This trip to India in a week has me even eliminating the checked luggage. I’ll be traveling with a single large backpack.
The idea of having all my possession for an international trip in one bag is exhilarating.
It’s gonna force me to focus much more on what I have at the time.
So here’s something to wrap up this episode.
There are studies you can find that discuss the amount of decisions made in a day… averaging around 35,000.
These decision range from what we eat and wear for the day to what we believe and what we talk about in conversations.
What these studies discuss is how to reduce insignificant decisions and or prioritize those most important.
The idea of having a very basic wardrobe is a great example of reducing insignificant decision making for strategic thinkers.
All you fashion gurus calm yourselves, if that’s your things then obviously it high on the list of priorities.
However, for many strategic leaders the clothes they wear is not a priority.
Consider what Steve Jobs wore for many years… a very basic outfit and yet he was a visionary to many.
The rule of thought is that many strategic thinker simplify their wardrobes and lives in general to free up thought to focus on what they’re most passionate about.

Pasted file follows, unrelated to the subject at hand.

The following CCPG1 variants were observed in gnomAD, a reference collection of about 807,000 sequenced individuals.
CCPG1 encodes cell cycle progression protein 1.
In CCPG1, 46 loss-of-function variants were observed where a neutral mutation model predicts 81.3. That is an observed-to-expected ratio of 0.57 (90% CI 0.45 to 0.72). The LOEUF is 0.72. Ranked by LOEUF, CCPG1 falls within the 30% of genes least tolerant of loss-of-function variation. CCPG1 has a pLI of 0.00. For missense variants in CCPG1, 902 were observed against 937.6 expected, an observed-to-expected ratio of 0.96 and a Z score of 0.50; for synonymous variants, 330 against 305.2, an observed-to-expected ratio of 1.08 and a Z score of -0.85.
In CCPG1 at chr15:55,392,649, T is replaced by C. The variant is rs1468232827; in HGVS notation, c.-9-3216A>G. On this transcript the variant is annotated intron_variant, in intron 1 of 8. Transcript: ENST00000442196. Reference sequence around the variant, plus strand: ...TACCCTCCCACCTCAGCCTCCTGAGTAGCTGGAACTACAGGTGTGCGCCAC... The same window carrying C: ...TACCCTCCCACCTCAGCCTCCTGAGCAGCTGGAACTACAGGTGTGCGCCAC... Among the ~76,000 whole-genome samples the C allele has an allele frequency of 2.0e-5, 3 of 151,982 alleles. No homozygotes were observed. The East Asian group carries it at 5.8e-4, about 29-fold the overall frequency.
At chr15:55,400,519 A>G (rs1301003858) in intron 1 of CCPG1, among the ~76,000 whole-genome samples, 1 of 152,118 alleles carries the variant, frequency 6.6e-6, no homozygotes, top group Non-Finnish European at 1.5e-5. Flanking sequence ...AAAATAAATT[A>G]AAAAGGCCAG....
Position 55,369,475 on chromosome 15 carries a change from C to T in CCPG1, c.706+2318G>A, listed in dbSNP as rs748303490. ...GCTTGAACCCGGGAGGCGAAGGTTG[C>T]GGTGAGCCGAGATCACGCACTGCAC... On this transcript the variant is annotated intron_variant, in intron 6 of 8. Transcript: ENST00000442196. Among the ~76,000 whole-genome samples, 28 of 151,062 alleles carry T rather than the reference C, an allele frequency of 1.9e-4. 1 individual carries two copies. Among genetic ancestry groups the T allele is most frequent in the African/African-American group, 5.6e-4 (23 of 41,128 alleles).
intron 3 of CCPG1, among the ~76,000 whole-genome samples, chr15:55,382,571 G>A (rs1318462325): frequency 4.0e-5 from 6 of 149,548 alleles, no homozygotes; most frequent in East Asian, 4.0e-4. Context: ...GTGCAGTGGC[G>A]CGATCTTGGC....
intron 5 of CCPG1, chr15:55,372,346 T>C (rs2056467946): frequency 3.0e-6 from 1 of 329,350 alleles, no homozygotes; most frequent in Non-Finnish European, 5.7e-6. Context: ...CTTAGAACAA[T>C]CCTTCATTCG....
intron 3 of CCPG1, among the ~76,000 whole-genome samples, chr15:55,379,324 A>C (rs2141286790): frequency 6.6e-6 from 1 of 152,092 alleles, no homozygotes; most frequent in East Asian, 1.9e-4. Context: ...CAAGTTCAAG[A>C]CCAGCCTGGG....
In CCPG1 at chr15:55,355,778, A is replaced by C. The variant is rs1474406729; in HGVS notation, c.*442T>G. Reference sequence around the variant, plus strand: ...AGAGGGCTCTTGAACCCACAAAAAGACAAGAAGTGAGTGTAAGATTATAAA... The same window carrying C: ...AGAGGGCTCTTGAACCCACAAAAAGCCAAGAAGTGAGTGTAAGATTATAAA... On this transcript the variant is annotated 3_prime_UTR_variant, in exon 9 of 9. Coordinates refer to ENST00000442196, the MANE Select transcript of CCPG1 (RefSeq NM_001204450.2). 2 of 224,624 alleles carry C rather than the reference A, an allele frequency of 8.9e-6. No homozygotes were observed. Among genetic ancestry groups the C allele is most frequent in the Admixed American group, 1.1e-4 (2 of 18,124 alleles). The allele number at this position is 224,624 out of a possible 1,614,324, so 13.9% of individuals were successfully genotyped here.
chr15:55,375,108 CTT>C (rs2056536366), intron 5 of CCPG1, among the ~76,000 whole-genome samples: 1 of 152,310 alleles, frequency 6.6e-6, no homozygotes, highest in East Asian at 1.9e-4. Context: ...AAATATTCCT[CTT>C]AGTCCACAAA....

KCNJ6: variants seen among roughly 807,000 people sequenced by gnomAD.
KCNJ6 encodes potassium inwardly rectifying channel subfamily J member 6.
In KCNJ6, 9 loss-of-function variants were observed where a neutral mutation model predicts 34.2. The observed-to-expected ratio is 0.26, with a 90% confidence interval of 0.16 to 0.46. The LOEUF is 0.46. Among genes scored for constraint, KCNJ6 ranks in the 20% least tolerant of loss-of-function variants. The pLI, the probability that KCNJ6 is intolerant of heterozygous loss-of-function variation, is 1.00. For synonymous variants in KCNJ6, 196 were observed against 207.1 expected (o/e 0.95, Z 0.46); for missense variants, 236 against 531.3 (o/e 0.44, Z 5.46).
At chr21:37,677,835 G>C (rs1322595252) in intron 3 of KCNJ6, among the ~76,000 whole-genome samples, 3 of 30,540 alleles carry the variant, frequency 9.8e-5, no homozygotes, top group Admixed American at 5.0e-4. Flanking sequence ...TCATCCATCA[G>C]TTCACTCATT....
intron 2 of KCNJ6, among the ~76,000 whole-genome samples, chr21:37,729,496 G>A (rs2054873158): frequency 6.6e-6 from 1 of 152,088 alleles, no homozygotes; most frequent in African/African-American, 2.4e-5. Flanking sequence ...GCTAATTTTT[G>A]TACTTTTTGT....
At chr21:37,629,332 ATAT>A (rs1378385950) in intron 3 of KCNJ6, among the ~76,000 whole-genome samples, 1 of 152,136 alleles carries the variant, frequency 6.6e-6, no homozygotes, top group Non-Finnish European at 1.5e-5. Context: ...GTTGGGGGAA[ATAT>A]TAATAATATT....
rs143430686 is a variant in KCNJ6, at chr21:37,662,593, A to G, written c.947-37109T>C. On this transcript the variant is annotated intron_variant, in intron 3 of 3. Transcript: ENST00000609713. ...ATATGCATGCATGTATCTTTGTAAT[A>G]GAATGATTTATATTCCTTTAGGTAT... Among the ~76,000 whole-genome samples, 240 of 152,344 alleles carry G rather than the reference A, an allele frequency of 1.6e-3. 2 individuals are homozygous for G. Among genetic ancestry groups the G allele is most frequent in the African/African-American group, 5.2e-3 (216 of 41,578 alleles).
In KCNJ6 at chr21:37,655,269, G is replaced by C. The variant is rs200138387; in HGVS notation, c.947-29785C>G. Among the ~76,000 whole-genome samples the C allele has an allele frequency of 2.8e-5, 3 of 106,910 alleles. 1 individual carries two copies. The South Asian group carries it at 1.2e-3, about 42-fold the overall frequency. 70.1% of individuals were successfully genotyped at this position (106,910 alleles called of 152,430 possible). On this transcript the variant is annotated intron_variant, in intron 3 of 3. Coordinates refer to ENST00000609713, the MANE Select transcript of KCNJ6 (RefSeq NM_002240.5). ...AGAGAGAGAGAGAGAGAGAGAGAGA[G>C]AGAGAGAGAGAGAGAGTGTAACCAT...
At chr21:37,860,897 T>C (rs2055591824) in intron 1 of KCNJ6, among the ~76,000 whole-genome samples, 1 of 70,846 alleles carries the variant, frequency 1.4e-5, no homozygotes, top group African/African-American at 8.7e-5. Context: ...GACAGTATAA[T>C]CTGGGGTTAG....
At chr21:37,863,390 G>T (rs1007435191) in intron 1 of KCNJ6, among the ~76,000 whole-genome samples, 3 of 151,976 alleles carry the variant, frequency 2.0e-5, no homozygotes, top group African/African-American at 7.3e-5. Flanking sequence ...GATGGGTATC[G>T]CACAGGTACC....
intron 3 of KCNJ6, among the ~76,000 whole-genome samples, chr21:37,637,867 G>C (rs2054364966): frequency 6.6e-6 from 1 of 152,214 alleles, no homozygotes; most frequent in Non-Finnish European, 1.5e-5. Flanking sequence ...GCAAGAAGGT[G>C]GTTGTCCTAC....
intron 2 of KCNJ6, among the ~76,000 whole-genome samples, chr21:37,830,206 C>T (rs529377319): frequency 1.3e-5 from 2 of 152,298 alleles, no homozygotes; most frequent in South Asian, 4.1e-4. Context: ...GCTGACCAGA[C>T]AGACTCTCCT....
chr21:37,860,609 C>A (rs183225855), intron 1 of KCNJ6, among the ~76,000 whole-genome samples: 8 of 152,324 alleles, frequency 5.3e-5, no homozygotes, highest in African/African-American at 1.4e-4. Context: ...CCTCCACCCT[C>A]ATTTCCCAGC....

So consider this. The less amount of things you have overall the less amount of decision that you’ll need to make during your day.
Clothing being the very basic example.
Simplification of your lifestyle and minimalistic living can also bring out more creativity.
Consider life as an artist.
Something I’ve found when creating is I can actually find my way into a sort of decision paralysis when I have too many options.
Which brush or color should dI use.
What canvas or other materials should I use.
It’s like going to a restaurant that has a 15 page menu.
It’s great having all the options, but it can really cause a level of uncertainty when ordering or regret after an order is placed…. shoulda woulda coulda.
So simplification and minimalistic living.
Free up your movement
Free up your thought
Gain focus, introspect and peace of mind.
Don’t let things control your options in life.
It’s your life, own it.
Well that does it folks, I hope you enjoyed todays episode and feel like you got something out of it.
Be sure to hit up tastydangerous.comfor the show notes.
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I’ve got a lot planned moving forward and it would be great to hear your feedback.
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Until next time….
Keep living that Tasty Dangerous Lifestyle!
***Tasty Dangerous…. Lifestyle Development focused on Mindset, Creativity, Adventure and Business.